Alright, I know I’ve been crap at posting lately, but it’s not my fault! The only reason this is getting posted is through the grace of Buddha and his karmatic rewards. See, I’m stuck on dial-up, which though slow usually allows some movement on the web. However, for whatever reason every time I’ve tried to go anywhere online for the last week I’ve just been met with “Page Cannont Be Displayed” errors.
Until about five minutes ago, I was beginning to think it might be something ill in my new system (more on that in a moment), but as this page seems to be working, perhaps others are as well. There may be hope for this dial-up thing yet.
Right, so I’m typing this on my brand-new, fresh out of the box (as of Monday) laptop. Now, not to get all gushy about inanimate objects… but it’s love. I know, I know… I’ve been throwing that word around on this site quite a bit lately… but after suffering through a mediocre system for the last two years, it’s nice to have some power again.
For all the techno geeks out there, the following is for you, and for the rest of you, just skip down a bit:
What I had
PIII 750 MHz
10 GB HD
8MB video RAM
What I’ve got
P4 M 1.7 GHz
60 GB HD
15.4″ WXGA wide-screen display
256MB video RAM
DVD player + CD-RW
I looked around at name brand computers, and settled on getting a Chinese brand called Hasee. I checked out the company online and feel pretty comfortable about the purchase, and the comprehensive warranty is nice too. When I went to look at computers last Friday it was priced in the flyer at 8999 yuan, but when I came back on Monday the price had been dropped by 400 yuan to 8599 RMB. So, paid to sit on it over the weekend – and it was nice because I had already settled on paying 8999 anyway. For all those without a calculator, that’s about $1,300 Canadian. Not cheap, but well… if I’m not going to Australia, I think I deserve a treat. Ok, ok, Maggie’s the treat… the laptop is just a bonus.
So now a word on the Chinese employment system. I’m having the fortune of witnessing first-hand what an averagely employable Chinese person needs to do to get a job here. About a week ago Maggie started seriously looking for a paycheque, and though I’ve asked loads of questions, I’m still pretty much in the dark as to exactly how it all works.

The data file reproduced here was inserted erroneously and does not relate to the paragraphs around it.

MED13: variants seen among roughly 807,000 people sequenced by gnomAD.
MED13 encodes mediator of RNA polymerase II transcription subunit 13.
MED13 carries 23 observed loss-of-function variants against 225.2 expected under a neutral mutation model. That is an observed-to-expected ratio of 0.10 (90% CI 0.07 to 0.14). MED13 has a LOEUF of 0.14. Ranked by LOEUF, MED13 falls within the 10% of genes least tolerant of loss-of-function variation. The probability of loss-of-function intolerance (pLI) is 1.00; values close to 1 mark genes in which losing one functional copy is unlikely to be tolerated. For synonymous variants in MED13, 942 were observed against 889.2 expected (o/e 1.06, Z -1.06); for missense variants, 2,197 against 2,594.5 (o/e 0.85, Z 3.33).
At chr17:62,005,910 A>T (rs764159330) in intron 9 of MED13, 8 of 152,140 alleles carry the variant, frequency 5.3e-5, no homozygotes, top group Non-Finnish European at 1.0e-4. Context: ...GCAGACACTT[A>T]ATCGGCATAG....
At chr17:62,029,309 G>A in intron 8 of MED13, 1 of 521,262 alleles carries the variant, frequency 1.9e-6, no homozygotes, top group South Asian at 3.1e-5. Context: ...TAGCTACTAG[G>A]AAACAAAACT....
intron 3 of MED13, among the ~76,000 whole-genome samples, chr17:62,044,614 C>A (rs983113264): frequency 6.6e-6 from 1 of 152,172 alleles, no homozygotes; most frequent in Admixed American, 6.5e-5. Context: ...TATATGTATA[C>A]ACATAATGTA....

Basically all the ads she answers in the newspaper are from a few (maybe one?) headhunter-like companies that search out employees and match them with a job. The catch is that unlike any employment program I’ve see, this one runs you 150 kuai. So, after an interview with the employment company and forking over some cash she was given some good leads to follow – of which nothing seems to have panned out. Then yesterday she went to another interview where she was told about an internet sales job and was also offered 300 RMB for 3 hours of modelling work. Modelling what? Well.. underwear for the Japanese market. She was promised her head would not be shown and her body would just be seen by Japanese… she passed on it.
Going to the Internet sales thing today she learned it was actually trying to sell Web design to businesses on a 15% commission, no salary – meaning no sales, no money. Again, pass.
The kicker is that the best job she could really hope to get would be maybe a 40 hour/wk. job as a clerk or receptionist, pulling in about 1,000 RMB a month. That breaks down to about 45RMB/day – less than what I make in an hour of teaching at Future School (less than half of what I’d make an hour doing private tutoring).
She wants to get a job to help out, pay her own way for things, and start saving for coming back with me to Canada next summer (that’s right Cory, looks like I’ve got a date for the wedding). I put this all in perspective though, and it just seems like she’s throwing pebbles in the Yangzi to help build the new dams.
It really makes me feel lazy too. I do bugger all (work 2 days a week – and not even full days) and get paid more than three times the amount of someone who slaves away Monday to Friday…
So, things I’m planning to do to help kill my laziness and eventual boredom:
1) Study Chinese
2) Learn how to cook Chinese food
3) Pick up some tutoring work (mostly to refill my bank account – damn laptop!)
4) Get fit (yeah, that’s been on the list for years… but meh)
5) Get back into writing professionally
And if all that fails, I bought all ten seasons of Friends on DVD yesterday (for 55 RMB!).